We test whether instrumental variable (IV) estimation where the business ownership rate (and its squared term) are treated as endogenous explanatory variables leads to similar results. Three instrumental variables that are known to influence business ownership rates (but not the level of GDP) are used; see Audretsch et al. (2002b). The first is the growth rate of per capita income, the second the share of the population living in rural areas, and the third the age composition of the population (operationalized as the share of the population aged 25–39 years within the population aged 25–64 years).16 Table 6 presents the results of our IV estimations for Eqs. (2) and (3).
Table 6

Explaining log(GDP), Eqs. (2) and (3), instrumental variable (IV) estimations

 

OLS

OLS

IVd

IVd

(Eq. 2)

(Eq. 3)

(Eq. 2)

(Eq. 3)

Constant

2.28***

(0.22)

1.91***

(0.18)

1.76***

(0.23)

−0.29

(0.66)

log(Capital)

0.294***

(0.038)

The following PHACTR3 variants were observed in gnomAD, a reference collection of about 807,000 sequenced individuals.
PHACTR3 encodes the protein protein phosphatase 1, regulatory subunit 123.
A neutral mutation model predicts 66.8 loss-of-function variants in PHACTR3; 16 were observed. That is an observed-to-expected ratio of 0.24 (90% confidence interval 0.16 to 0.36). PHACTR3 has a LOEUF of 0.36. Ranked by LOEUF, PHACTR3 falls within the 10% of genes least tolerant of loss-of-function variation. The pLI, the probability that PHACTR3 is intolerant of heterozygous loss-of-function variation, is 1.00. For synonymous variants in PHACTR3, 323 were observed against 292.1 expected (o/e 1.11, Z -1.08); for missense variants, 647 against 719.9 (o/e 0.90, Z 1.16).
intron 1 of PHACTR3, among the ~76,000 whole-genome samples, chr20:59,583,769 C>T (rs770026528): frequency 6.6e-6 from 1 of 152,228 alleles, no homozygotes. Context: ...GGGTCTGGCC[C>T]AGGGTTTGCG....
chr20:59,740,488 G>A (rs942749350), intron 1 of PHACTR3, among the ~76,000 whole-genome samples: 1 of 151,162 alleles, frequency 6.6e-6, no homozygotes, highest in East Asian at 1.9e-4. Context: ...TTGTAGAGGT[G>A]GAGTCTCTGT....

0.296***

(0.034)

0.380***

(0.042)

0.343***

(0.061)

log(R&D)

0.172***

(0.015)

0.174***

(0.014)

0.241***

(0.018)

0.215***

(0.023)

log(Employment)

0.531***

(0.025)

0.518***

(0.022)

0.349***

(0.040)

0.374***

(0.075)

Business ownership rate (BOR)

1.43***

(0.16)

9.94***

(1.08)

4.83***

(0.55)

56.4***

(15.0)

BOR2

 

−39.1***

(4.7)

 

−245.7***

(71.6)

Year dummiesa

Yes

Yes

Yes

Yes

Returns to scaleb

0.9965

(0.0055)

0.9879##

(0.0056)

0.970###

(0.0073)

0.931###

(0.0147)

Optimal BOR

 

0.127***

(0.0027)

 

0.115***

(0.0035)

F-test overidentification of restrictions [p value]c

N.A.

N.A.

13.2

[0.000]

0.761

[0.383]

N

494

494

494

494

Method

OLS

OLS

IVd

IVd

Heteroskedastic-consistent standard errors in parentheses. Significantly different from 0 at: *** 0.01 level, ** 0.05 level, or * 0.10 level

aConstant term refers to reference year 2006